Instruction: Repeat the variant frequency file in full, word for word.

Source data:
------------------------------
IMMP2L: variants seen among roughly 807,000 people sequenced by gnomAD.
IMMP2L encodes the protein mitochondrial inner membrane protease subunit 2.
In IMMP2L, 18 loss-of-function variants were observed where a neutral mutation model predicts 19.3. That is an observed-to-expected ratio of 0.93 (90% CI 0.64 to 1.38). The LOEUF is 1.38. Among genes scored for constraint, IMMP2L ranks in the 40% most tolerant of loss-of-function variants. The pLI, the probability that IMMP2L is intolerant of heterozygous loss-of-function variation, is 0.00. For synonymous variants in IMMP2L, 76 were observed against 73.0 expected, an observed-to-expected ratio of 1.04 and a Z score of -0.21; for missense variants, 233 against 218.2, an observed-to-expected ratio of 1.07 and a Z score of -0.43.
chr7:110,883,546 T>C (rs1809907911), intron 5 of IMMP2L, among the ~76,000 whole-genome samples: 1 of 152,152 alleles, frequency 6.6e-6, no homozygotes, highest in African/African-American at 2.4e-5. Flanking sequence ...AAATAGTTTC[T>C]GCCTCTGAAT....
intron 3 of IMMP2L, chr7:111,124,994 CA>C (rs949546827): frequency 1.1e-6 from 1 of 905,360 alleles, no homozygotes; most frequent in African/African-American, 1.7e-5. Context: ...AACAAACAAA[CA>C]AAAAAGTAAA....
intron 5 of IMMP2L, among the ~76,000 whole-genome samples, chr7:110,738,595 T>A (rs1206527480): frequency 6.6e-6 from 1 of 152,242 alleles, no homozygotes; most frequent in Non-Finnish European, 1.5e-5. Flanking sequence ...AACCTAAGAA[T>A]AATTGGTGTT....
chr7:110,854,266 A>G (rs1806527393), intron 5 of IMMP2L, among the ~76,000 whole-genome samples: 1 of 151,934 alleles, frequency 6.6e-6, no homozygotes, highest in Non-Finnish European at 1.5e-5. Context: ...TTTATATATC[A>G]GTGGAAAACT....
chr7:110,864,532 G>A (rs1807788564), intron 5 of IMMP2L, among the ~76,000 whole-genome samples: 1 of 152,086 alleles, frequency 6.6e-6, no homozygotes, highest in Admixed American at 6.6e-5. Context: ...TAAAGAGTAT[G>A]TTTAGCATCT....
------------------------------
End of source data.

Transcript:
IMMP2L: variants seen among roughly 807,000 people sequenced by gnomAD.
IMMP2L encodes the protein mitochondrial inner membrane protease subunit 2.
In IMMP2L, 18 loss-of-function variants were observed where a neutral mutation model predicts 19.3. That is an observed-to-expected ratio of 0.93 (90% CI 0.64 to 1.38). The LOEUF is 1.38. Among genes scored for constraint, IMMP2L ranks in the 40% most tolerant of loss-of-function variants. The pLI, the probability that IMMP2L is intolerant of heterozygous loss-of-function variation, is 0.00. For synonymous variants in IMMP2L, 76 were observed against 73.0 expected, an observed-to-expected ratio of 1.04 and a Z score of -0.21; for missense variants, 233 against 218.2, an observed-to-expected ratio of 1.07 and a Z score of -0.43.
chr7:110,883,546 T>C (rs1809907911), intron 5 of IMMP2L, among the ~76,000 whole-genome samples: 1 of 152,152 alleles, frequency 6.6e-6, no homozygotes, highest in African/African-American at 2.4e-5. Flanking sequence ...AAATAGTTTC[T>C]GCCTCTGAAT....
intron 3 of IMMP2L, chr7:111,124,994 CA>C (rs949546827): frequency 1.1e-6 from 1 of 905,360 alleles, no homozygotes; most frequent in African/African-American, 1.7e-5. Context: ...AACAAACAAA[CA>C]AAAAAGTAAA....
intron 5 of IMMP2L, among the ~76,000 whole-genome samples, chr7:110,738,595 T>A (rs1206527480): frequency 6.6e-6 from 1 of 152,242 alleles, no homozygotes; most frequent in Non-Finnish European, 1.5e-5. Flanking sequence ...AACCTAAGAA[T>A]AATTGGTGTT....
chr7:110,854,266 A>G (rs1806527393), intron 5 of IMMP2L, among the ~76,000 whole-genome samples: 1 of 151,934 alleles, frequency 6.6e-6, no homozygotes, highest in Non-Finnish European at 1.5e-5. Context: ...TTTATATATC[A>G]GTGGAAAACT....
chr7:110,864,532 G>A (rs1807788564), intron 5 of IMMP2L, among the ~76,000 whole-genome samples: 1 of 152,086 alleles, frequency 6.6e-6, no homozygotes, highest in Admixed American at 6.6e-5. Context: ...TAAAGAGTAT[G>A]TTTAGCATCT....